Key Facts & Summary:
- In 1865 Lincoln shocked many by announcing that the south could implement measures that ensured limited suffrage for black people.
- Southern states passed a series of laws called the Black Codes, between 1865 and 1866, that undermined the freedom and civil rights of African Americans.
In 1863, President Abraham Lincoln pronounced the Emancipation Proclamation, meaning that all slaves, the majority of whom were in the southern states, were freemen. In the year following the Proclamation, after the battle at Lincoln, advised the Confederate states to stop their revolt and reaffirm the allegiance to the Union.
The continued rebellion of the south meant that the north did not have any political incentive to tolerate slavery in the South, and therefore the Proclamation was issued. Further, the proclamation meant former slaves could join the side of the Union army.
In 1865, as the war was drawing to a close, Lincoln shocked many by announcing that the south could implement measures that ensured limited suffrage for black people. He was assassinated days later, along with President Andrew Johnson, over the reconstruction.
President Johnson was loyal to the Union, as well as a firm supporter of state rights and a limited federal government that did not assert too much control upon states. During his tenure, Confederate states were required to maintain the abolition of slavery, according to the Thirteenth Amendment, pay off their war debts and swear allegiance to the Union.
After the Civil War, about 4 million slaves were freed, with the question of their status as equal citizens still not accepted in the South. The southern states, therefore, passed a series of laws called the Black Codes between 1865 and 1866 that effectively undermined the freedom of African Americans. The Black Codes differed from state to state and some affirmed the rights of blacks to marry and testify in court. In other states, the laws legislated white supremacy and restricted the civic participation of the African Americans, including denying them the right to vote, to serve on juries, the right to own or lease land and the right to own and carry weapons.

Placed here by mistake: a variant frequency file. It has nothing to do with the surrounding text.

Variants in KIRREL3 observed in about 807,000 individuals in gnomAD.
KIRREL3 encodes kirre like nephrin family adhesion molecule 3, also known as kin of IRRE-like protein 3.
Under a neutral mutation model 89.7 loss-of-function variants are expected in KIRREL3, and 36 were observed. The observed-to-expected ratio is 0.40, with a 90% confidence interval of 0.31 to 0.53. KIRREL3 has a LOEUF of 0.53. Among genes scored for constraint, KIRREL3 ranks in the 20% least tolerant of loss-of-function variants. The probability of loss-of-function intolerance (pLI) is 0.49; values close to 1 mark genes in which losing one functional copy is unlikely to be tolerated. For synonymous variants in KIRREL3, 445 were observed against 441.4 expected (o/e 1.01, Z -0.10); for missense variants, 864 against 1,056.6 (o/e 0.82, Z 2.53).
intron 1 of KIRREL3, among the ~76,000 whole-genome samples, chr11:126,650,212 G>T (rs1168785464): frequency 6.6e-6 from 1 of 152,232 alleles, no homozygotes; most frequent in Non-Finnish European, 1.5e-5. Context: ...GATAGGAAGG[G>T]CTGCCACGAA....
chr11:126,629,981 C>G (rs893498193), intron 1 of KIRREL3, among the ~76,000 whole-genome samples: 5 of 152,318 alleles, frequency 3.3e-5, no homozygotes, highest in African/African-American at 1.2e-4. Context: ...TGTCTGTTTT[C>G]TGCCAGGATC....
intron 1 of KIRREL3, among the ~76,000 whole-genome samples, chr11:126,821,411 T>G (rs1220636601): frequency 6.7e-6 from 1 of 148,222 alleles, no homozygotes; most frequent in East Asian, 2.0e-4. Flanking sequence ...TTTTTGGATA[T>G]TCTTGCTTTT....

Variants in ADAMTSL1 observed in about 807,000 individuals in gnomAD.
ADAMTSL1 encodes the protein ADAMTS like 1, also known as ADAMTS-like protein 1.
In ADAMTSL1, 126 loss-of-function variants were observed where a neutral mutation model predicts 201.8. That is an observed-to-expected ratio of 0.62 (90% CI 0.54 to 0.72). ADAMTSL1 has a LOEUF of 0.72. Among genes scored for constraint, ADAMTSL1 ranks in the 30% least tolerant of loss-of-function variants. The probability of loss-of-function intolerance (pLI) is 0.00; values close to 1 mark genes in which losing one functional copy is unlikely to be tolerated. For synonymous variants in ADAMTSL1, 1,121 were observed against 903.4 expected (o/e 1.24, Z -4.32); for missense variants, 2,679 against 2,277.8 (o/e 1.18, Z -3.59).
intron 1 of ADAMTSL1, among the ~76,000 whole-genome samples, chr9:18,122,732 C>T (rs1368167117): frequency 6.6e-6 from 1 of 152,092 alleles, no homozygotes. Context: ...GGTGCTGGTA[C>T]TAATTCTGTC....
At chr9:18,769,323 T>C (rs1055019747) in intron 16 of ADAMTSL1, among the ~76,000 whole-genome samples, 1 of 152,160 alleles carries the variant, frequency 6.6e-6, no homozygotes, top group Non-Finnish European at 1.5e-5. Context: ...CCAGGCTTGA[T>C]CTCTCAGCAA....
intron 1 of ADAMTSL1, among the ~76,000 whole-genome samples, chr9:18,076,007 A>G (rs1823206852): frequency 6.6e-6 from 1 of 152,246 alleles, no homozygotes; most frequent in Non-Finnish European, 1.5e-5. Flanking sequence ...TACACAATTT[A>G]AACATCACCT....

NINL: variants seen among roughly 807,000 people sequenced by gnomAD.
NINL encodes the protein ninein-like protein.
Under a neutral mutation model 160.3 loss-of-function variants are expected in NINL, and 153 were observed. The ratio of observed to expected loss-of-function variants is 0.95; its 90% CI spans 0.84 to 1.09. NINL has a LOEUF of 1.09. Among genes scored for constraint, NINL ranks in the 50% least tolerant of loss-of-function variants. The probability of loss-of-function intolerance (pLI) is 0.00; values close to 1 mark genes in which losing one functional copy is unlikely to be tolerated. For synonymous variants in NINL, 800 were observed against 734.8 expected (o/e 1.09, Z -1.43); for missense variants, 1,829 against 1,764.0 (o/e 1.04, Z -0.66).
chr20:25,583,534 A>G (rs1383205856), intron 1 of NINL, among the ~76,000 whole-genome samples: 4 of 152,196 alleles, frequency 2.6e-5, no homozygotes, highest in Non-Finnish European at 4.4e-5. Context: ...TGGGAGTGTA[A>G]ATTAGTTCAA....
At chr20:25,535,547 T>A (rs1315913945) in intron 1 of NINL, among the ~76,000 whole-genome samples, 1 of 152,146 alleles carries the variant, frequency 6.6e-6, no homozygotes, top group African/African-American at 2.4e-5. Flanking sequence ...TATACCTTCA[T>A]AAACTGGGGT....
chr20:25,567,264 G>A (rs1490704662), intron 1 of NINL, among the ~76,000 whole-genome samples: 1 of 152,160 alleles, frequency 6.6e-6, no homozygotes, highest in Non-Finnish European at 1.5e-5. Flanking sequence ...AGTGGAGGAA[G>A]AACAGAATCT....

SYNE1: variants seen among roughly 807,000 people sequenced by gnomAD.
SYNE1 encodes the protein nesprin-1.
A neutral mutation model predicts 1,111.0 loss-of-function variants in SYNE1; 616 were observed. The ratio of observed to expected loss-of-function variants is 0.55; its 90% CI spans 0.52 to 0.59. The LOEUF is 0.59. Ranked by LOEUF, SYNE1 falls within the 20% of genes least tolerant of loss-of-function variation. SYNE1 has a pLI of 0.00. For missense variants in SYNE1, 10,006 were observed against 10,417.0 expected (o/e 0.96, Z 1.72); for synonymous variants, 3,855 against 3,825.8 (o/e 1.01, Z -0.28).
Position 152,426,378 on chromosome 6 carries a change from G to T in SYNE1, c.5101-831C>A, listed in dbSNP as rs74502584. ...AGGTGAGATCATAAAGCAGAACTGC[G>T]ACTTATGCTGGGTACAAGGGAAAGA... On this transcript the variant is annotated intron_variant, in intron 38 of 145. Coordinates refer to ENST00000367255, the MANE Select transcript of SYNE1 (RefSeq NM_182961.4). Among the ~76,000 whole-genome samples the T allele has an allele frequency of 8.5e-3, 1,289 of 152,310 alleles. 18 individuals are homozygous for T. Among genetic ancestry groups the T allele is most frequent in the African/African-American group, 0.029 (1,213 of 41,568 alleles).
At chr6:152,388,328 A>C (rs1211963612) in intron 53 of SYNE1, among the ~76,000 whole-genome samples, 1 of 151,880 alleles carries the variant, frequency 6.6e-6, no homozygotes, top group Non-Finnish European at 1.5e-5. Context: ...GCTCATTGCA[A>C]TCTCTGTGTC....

Mississippi and South Carolina were the first southern states to enact the black codes. The Mississippi law required blacks to have “written evidence of employment for the coming year each January.” Termination of an employment contract before the end of the contract meant “forfeiting earlier wages and imminent arrest.” The South Carolina law required slaves to hold only farming or servant jobs unless they paid an annual tax of $10 to $100. Free blacks in Charleston and former slaves were affected by the law, with some being forced back to plantation labour.
The economy of the south was dependent on slavery and the Black Codes were meant to maintain the status quo during the antebellum economic period. The black codes meant that many African American orphans were dedicated to white plantation owners who compelled them to work.
Former slaves were compelled to sign annual labour contracts with employers who were former slaves, committing them to one employer at the exclusion of all others and with low wages.
Impact of the Black Codes
The black codes caused widespread resistance among blacks in the south and the northern states argued that the laws undermined the principles of free labour. Two pieces of legislation were instrumental in ensuring that there was respect for the rights of blacks in the south. The first was the Civil Rights Act of 1866 passed after Congress overrode President Johnson’s veto and the second was the Reconstruction Act of 1867, that required southern states to ratify the Fourteenth Amendment which granted equal protection of the Constitutional rights of former slaves. In addition to the preceding, the southern states were required to grant the universal male suffrage before they were allowed back to the Union.
The Fifteenth Amendment guaranteed the right to vote, regardless of ‘colour, race or previous condition of servitude. The Constitutional Amendments and the Reconstruction Acts resulted in the successful election of blacks in Georgia and Louisiana. However, blacks still had to face the challenges presented by the Ku Klux Klan and other discriminatory laws and attitudes that undermined their civic responsibilities and livelihoods.